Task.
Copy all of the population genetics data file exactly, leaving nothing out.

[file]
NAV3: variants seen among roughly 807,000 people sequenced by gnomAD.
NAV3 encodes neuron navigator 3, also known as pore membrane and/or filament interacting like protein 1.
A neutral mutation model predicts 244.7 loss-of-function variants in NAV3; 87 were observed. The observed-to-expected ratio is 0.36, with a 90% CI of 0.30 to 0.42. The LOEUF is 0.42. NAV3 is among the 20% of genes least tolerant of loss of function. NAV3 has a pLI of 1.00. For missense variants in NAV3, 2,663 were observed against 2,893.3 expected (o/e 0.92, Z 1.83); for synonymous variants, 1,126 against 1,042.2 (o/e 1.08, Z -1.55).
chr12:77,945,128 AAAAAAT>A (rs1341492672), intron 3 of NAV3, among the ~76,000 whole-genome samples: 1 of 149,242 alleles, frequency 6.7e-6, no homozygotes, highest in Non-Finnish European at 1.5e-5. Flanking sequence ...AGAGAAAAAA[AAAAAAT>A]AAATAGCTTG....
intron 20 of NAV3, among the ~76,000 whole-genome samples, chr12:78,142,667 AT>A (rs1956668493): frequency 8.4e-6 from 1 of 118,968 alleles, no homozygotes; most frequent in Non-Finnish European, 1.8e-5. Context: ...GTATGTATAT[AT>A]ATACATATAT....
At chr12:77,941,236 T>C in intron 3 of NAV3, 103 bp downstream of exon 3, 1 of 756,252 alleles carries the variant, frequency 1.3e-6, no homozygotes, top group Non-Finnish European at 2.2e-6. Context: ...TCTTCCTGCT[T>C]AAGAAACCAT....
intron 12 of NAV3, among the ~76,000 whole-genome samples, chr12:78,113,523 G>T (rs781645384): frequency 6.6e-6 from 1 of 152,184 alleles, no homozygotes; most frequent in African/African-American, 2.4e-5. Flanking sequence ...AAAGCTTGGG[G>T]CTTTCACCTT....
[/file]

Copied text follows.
NAV3: variants seen among roughly 807,000 people sequenced by gnomAD.
NAV3 encodes neuron navigator 3, also known as pore membrane and/or filament interacting like protein 1.
A neutral mutation model predicts 244.7 loss-of-function variants in NAV3; 87 were observed. The observed-to-expected ratio is 0.36, with a 90% CI of 0.30 to 0.42. The LOEUF is 0.42. NAV3 is among the 20% of genes least tolerant of loss of function. NAV3 has a pLI of 1.00. For missense variants in NAV3, 2,663 were observed against 2,893.3 expected (o/e 0.92, Z 1.83); for synonymous variants, 1,126 against 1,042.2 (o/e 1.08, Z -1.55).
chr12:77,945,128 AAAAAAT>A (rs1341492672), intron 3 of NAV3, among the ~76,000 whole-genome samples: 1 of 149,242 alleles, frequency 6.7e-6, no homozygotes, highest in Non-Finnish European at 1.5e-5. Flanking sequence ...AGAGAAAAAA[AAAAAAT>A]AAATAGCTTG....
intron 20 of NAV3, among the ~76,000 whole-genome samples, chr12:78,142,667 AT>A (rs1956668493): frequency 8.4e-6 from 1 of 118,968 alleles, no homozygotes; most frequent in Non-Finnish European, 1.8e-5. Context: ...GTATGTATAT[AT>A]ATACATATAT....
At chr12:77,941,236 T>C in intron 3 of NAV3, 103 bp downstream of exon 3, 1 of 756,252 alleles carries the variant, frequency 1.3e-6, no homozygotes, top group Non-Finnish European at 2.2e-6. Context: ...TCTTCCTGCT[T>C]AAGAAACCAT....
intron 12 of NAV3, among the ~76,000 whole-genome samples, chr12:78,113,523 G>T (rs781645384): frequency 6.6e-6 from 1 of 152,184 alleles, no homozygotes; most frequent in African/African-American, 2.4e-5. Flanking sequence ...AAAGCTTGGG[G>T]CTTTCACCTT....